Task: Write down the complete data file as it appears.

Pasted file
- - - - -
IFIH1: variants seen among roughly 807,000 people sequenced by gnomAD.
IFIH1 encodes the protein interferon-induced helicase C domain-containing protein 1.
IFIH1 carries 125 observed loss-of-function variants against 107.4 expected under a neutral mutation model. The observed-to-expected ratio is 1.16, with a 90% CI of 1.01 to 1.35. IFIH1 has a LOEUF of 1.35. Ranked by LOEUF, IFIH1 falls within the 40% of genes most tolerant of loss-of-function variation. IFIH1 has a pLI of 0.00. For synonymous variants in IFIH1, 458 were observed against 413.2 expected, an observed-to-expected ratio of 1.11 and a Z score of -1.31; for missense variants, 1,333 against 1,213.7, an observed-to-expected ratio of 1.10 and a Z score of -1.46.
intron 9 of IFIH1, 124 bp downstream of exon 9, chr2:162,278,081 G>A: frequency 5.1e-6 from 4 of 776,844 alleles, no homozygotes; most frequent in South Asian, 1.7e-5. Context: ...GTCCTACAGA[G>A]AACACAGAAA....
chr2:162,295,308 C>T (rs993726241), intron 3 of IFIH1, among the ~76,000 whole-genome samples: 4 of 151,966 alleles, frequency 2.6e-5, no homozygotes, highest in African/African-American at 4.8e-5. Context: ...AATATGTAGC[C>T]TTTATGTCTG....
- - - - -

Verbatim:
IFIH1: variants seen among roughly 807,000 people sequenced by gnomAD.
IFIH1 encodes the protein interferon-induced helicase C domain-containing protein 1.
IFIH1 carries 125 observed loss-of-function variants against 107.4 expected under a neutral mutation model. The observed-to-expected ratio is 1.16, with a 90% CI of 1.01 to 1.35. IFIH1 has a LOEUF of 1.35. Ranked by LOEUF, IFIH1 falls within the 40% of genes most tolerant of loss-of-function variation. IFIH1 has a pLI of 0.00. For synonymous variants in IFIH1, 458 were observed against 413.2 expected, an observed-to-expected ratio of 1.11 and a Z score of -1.31; for missense variants, 1,333 against 1,213.7, an observed-to-expected ratio of 1.10 and a Z score of -1.46.
intron 9 of IFIH1, 124 bp downstream of exon 9, chr2:162,278,081 G>A: frequency 5.1e-6 from 4 of 776,844 alleles, no homozygotes; most frequent in South Asian, 1.7e-5. Context: ...GTCCTACAGA[G>A]AACACAGAAA....
chr2:162,295,308 C>T (rs993726241), intron 3 of IFIH1, among the ~76,000 whole-genome samples: 4 of 151,966 alleles, frequency 2.6e-5, no homozygotes, highest in African/African-American at 4.8e-5. Context: ...AATATGTAGC[C>T]TTTATGTCTG....